Elephant ivory is mostly smuggled to China where it is fashioned into ornaments and trinkets, while the market for rhino horn is in Vietnam.
Horn shavings are used as a “cure” for anything from a hangover to cancer − even though doctors and scientists have concluded that the users of rhino horn would get the same benefits if they ate their fingernails.
The African elephant, the largest remaining land mammal on the planet, is facing its greatest crisis
Just 80 years ago, an estimated three to five million elephants roamed the plains and forests of Africa; today mass killings are occurring in every part of the elephant’s range as armed poachers and highly organized crime syndicates feed the illegal ivory trade.
The results of the largest ever survey of African elephants published in September 2016, revealed that Africa has about 352,271 elephants left. The aerial survey covered 18 countries and reported that 144,000 elephants were lost to ivory poaching and habitat destruction in less than a decade (2006 to 2015). The yearly loss from poaching is estimated to be 8 percent, or about 27,000 elephants every year.
According to the Convention on International Trade on Endangered Species of Wild Fauna and Flora (CITES), poaching levels continue to pose a threat to the very survival of the African elephant. Simply put, elephants are being killed faster than they can reproduce.
High levels of poaching are facilitated by the wars and conflicts that are playing out in many African countries. An abundance of small arms and a breakdown in law and order ensure prime conditions for the killing of elephants and allow highly-organized criminal syndicates to operate with impunity. This situation is exacerbated by weak governance and corruption at all levels.
Widespread poverty makes it easy for criminals to recruit locals to kill elephants and bribe wildlife rangers.
PAL’s sister organization, Network for Animals, recently helped to turn the tide on elephant poaching by funding the relocation of an entire family of 27 elephants to a safe and quiet corner of the Addo Elephant Park in South Africa. Meanwhile, PAL continues with its work: lobbying governments around the world to end the international trade in ivory and put a stop to the brutal poaching that threatens to wipe out Africa’s iconic elephants and rhinos.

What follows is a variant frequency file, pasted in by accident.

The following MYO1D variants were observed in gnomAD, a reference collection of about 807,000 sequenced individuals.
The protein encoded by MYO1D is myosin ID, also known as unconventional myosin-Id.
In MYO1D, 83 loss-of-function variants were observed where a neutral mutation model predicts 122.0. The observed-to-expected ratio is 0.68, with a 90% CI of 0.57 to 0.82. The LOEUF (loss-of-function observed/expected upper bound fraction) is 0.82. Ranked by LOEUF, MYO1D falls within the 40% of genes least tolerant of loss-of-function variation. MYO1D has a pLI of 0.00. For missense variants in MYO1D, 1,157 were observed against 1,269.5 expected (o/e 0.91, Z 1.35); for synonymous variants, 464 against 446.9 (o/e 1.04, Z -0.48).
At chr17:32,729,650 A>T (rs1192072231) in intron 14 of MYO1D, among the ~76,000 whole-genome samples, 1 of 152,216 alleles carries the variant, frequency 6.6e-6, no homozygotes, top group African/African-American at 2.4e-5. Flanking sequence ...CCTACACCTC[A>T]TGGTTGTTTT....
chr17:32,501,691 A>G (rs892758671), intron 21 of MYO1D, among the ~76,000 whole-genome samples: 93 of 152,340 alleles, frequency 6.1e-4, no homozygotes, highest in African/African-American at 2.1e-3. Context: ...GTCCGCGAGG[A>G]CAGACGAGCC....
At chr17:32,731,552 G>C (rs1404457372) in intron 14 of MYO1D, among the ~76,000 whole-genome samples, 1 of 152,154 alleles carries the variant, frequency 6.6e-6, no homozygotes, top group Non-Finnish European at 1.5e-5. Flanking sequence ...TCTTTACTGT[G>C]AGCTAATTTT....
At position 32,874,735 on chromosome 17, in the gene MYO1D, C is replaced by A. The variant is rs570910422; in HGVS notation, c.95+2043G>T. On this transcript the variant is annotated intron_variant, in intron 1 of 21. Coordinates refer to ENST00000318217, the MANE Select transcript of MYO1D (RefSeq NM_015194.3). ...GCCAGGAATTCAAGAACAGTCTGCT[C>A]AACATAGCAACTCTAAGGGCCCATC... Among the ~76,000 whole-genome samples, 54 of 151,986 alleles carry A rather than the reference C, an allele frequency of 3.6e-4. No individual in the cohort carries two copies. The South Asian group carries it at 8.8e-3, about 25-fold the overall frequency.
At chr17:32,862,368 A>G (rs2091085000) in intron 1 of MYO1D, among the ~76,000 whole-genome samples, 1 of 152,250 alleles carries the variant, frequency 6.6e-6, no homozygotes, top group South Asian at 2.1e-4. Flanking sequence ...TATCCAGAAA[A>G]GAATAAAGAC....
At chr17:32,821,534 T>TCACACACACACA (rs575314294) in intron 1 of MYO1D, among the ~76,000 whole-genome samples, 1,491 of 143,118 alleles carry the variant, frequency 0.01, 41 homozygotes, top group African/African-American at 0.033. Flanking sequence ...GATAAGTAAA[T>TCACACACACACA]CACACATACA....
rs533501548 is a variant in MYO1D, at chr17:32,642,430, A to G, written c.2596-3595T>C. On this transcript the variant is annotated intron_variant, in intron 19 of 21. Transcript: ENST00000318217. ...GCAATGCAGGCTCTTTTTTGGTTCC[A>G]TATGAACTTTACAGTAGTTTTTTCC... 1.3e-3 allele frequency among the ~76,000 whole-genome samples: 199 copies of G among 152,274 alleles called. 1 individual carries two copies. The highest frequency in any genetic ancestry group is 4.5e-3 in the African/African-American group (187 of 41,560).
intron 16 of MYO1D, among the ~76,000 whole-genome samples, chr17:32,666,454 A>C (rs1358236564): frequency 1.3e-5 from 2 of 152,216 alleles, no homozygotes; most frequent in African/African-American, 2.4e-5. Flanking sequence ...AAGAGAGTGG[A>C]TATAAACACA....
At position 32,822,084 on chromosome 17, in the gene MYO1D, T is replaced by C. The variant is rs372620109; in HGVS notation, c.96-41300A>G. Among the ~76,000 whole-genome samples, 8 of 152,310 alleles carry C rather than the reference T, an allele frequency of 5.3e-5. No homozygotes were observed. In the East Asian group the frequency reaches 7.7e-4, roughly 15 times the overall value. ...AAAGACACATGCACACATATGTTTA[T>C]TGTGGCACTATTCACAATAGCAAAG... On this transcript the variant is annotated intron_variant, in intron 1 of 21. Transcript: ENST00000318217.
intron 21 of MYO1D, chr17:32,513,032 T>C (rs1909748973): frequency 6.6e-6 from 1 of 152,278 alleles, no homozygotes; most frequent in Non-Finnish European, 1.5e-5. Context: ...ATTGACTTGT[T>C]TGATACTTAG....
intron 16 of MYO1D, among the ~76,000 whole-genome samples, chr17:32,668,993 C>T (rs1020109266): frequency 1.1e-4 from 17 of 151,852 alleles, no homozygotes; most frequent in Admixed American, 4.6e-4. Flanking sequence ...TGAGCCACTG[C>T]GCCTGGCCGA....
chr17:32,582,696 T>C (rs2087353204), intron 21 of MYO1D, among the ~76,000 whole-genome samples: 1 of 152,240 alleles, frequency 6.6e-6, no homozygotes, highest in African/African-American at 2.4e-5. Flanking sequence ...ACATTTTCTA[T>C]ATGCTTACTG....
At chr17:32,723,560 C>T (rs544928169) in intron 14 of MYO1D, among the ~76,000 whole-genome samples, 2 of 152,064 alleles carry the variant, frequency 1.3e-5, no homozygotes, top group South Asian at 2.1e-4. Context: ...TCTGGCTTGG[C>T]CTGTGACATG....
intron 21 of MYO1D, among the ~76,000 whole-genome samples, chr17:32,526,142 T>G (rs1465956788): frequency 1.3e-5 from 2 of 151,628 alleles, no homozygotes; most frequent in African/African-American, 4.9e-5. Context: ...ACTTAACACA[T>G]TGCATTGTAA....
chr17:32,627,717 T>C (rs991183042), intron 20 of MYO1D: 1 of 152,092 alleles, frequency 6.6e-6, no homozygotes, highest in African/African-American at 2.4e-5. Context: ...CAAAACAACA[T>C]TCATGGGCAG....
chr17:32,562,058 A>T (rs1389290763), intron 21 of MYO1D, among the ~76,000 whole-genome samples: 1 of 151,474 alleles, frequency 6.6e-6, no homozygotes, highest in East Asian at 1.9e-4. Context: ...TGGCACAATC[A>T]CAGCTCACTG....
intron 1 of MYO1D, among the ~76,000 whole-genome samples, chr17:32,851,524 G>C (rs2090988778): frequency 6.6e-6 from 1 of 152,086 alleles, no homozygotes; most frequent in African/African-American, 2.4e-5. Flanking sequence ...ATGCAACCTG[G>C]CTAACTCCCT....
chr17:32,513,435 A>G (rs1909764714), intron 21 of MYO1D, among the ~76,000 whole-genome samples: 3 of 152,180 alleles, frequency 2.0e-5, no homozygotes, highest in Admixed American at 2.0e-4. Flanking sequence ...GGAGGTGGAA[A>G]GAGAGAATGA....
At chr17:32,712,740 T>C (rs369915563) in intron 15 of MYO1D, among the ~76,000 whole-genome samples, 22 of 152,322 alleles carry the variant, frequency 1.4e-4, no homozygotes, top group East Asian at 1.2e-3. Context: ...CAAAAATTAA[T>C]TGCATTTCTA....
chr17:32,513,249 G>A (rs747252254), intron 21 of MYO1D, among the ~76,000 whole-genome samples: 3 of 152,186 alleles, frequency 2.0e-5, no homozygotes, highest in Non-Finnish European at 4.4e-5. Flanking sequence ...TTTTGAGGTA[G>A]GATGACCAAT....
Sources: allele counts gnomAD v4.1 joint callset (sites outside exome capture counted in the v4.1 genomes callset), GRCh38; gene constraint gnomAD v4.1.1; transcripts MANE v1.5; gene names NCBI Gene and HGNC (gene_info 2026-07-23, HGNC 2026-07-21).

PAL will continue to lobby governments in Africa, trying to convince them of the urgent need to enforce anti-poaching laws, combat corruption and make wildlife poaching and trafficking a high priority crime.
The horrific international trade in baby elephants
Just as a human baby sucks its thumb, so an elephant calf will often suck the end of its trunk for comfort. Zoologists know that elephants are highly intelligent, self-aware and socially complex animals and yet elephant babies continue to be captured in the wild, ripped from their families and shipped to zoos and safari parks where they lead long, miserable lives. Zimbabwe is the worst offender. It has repeatedly broken international rules by exporting baby elephants to China. Chinese authorities turn a blind eye to blatant breaches of the Convention on International Trade on Endangered Species of Wild Fauna and Flora (CITES) because of corruption, and because of the growing number of zoos in the country.
PAL will continue to lobby governments around the world to put an end to the trade in live baby elephants.
South Africa is home to more than 90% of the world’s remaining 20,000 white or square-lipped rhinoceros Ceratotherium simum and (together with its neighbor, Namibia) more than 80% of the black or hooked-lip rhinoceros Diceros bicornis. However, rhino poaching has exploded in South Africa: in only six years (between 2010 and 2016), at least 5,897 rhinos were killed for their horns in national parks, provincial conservation areas and private game ranches. The number of rhino killings has increased every year, in spite of efforts by both the public and private sector to protect the animals.
PAL’s sister organization, Network for Animals, finances canine anti-poaching units in South Africa’s Addo Elephant National Park.